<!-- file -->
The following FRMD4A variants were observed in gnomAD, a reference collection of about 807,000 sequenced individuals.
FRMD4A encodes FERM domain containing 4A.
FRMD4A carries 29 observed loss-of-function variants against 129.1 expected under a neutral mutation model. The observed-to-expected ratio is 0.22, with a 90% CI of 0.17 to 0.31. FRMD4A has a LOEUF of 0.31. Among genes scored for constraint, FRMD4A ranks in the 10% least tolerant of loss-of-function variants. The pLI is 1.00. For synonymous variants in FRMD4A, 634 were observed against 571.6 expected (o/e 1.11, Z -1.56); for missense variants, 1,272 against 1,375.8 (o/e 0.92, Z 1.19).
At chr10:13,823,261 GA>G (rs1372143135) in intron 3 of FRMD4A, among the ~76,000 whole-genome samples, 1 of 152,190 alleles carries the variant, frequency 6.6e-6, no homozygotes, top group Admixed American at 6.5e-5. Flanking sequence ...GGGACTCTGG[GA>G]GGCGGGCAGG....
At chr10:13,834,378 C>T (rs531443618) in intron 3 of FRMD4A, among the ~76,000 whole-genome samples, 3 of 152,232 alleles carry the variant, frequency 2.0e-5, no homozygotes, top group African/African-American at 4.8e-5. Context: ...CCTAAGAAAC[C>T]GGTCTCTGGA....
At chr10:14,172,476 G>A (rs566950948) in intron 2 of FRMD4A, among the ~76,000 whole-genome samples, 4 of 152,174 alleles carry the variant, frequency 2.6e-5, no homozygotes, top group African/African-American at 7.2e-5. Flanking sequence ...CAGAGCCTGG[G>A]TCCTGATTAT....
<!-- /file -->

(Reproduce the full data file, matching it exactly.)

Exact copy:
The following FRMD4A variants were observed in gnomAD, a reference collection of about 807,000 sequenced individuals.
FRMD4A encodes FERM domain containing 4A.
FRMD4A carries 29 observed loss-of-function variants against 129.1 expected under a neutral mutation model. The observed-to-expected ratio is 0.22, with a 90% CI of 0.17 to 0.31. FRMD4A has a LOEUF of 0.31. Among genes scored for constraint, FRMD4A ranks in the 10% least tolerant of loss-of-function variants. The pLI is 1.00. For synonymous variants in FRMD4A, 634 were observed against 571.6 expected (o/e 1.11, Z -1.56); for missense variants, 1,272 against 1,375.8 (o/e 0.92, Z 1.19).
At chr10:13,823,261 GA>G (rs1372143135) in intron 3 of FRMD4A, among the ~76,000 whole-genome samples, 1 of 152,190 alleles carries the variant, frequency 6.6e-6, no homozygotes, top group Admixed American at 6.5e-5. Flanking sequence ...GGGACTCTGG[GA>G]GGCGGGCAGG....
At chr10:13,834,378 C>T (rs531443618) in intron 3 of FRMD4A, among the ~76,000 whole-genome samples, 3 of 152,232 alleles carry the variant, frequency 2.0e-5, no homozygotes, top group African/African-American at 4.8e-5. Context: ...CCTAAGAAAC[C>T]GGTCTCTGGA....
At chr10:14,172,476 G>A (rs566950948) in intron 2 of FRMD4A, among the ~76,000 whole-genome samples, 4 of 152,174 alleles carry the variant, frequency 2.6e-5, no homozygotes, top group African/African-American at 7.2e-5. Flanking sequence ...CAGAGCCTGG[G>A]TCCTGATTAT....